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Hoping Bears play 'What's My Line?' in free agency

Steve Rosenbloom

The RosenBlog

9:16 AM CDT, March 12, 2013

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Now comes NFL free agency, or as it’s known at Halas Hall, “Where my offensive tackle?’’

Even before Tuesday’s 3 p.m. kickoff to free agency, the Bears were one of several teams mentioned in the Jake Long sweepstakes. Previously, the Bears had been linked to Saints left tackle Jermon Bushrod. I hope one or both rumors are true, and for several reasons:

First, Long and Bushrod are two of the tackle prizes in free agency, and second, even if Long and Bushrod go elsewhere, at least the Bears see the same mess we see.

The good news for the Bears is that the tackle vineyard in free agency is deeper than Long and Bushrod.

You might remember Andre Smith from a viral video of his 40-yard dash at the scouting combine several years back, but the Bengals’ right tackle was arguably the best in the game last season.

Sebastian Vollmer makes just about every list of top-10 free agents. Playing tackle in front of Tom Brady gives you motivation and credibility.

The Vikings have hurt themselves pretty good by dealing wide receiver Percy Harvin, a move decried by Adrian Peterson, but if the Bears wanted to compound Minnesota’s pain, they could sign Phil Loadholt. He's a road grader-type who’s better against the run, but I’m sure one of Peterson’s enforcers would look solid in front of Matt Forte. And again, you’d hurt a team in your division.

Same deal, hurting a different division rival with Detroit’s Gosder Cherilus. You know how much the Lions throw the ball -- 10,000-plus yards the last two seasons combined -- so for Cherilus to allow only four sacks is probably all you need to know.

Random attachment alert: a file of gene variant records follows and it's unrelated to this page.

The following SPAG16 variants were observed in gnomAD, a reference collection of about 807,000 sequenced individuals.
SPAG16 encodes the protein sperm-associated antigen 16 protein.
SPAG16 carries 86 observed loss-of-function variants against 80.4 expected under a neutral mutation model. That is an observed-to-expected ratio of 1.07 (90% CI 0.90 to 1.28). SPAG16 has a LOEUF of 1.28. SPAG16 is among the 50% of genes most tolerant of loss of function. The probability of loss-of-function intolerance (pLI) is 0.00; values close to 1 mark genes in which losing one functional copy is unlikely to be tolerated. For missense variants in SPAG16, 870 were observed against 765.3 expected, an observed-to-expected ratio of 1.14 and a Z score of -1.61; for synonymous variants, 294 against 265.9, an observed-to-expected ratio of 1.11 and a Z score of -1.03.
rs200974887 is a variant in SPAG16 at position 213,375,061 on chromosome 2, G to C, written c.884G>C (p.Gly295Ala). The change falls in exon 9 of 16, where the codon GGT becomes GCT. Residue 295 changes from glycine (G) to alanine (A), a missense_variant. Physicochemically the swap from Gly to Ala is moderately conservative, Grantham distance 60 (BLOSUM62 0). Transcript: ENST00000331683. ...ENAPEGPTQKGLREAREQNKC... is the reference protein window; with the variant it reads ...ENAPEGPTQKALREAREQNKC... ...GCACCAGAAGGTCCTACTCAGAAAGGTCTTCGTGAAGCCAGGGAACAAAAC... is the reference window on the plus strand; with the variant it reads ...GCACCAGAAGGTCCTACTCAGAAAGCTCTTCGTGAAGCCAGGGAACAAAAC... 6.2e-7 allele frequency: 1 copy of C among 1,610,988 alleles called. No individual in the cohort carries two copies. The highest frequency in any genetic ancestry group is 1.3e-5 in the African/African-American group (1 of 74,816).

The Falcons also let Sam Baker get to the street. Some characterize him as shaky, but given how much the Falcons throw, even All-Pros will look shaky at some point.

You could argue that the Bears don’t need to overpay for tackles because new coach Marc Trestman’s West Coast-style offense involves short drops and quick throws that can make even mediocre linemen look good. Maybe, maybe not, but why settle when it comes to protecting the most important player on the field?

For those of you tardy to class, protecting Jay Cutler is the first priority.

Again. Still. Always.

That’s why I’m inclined to make choices from the football out when it comes to free agency over the draft. Teams don’t always have that luxury, but in this case, I’d rather sign an experienced free-agent lineman and then draft a tight end, if that’s the way it plays out.

An experienced tackle figures to play better while adjusting to a new team and a new line than a rookie tight end who has to start with a new league that is faster, smarter and better than anything he has ever faced.

Put another way, you already see what happens when faster, smarter and better players line up against J’Marcus Webb and Gabe Carimi. Raise your hand if you’re sick of that.

Look, this might be Cutler’s last season as Bears quarterback, but at least give him the best chance to finish it upright.

Tackles are expensive in free agency and the Bears don’t have a lot of salary cap space. But they can make some.

Check that: They had better make some.

I don’t care if the Bears let all of their potential free agents hit the market.  Sorry, Brian Urlacher, I loved your Hall of Fame career, but an offensive tackle is more important than an aging, injured linebacker.

I value defensive end Israel Idonije and might gamble on right guard Lance Louis’ return from a torn left anterior cruciate ligament, but my first choice is landing an adult on either end of the offensive line.

As for players the Bears could just flat cut, if the Bears tell Devin Hester and Kellen Davis to hit the street, well, good. Davis will have someone to help him after he trips over the curb.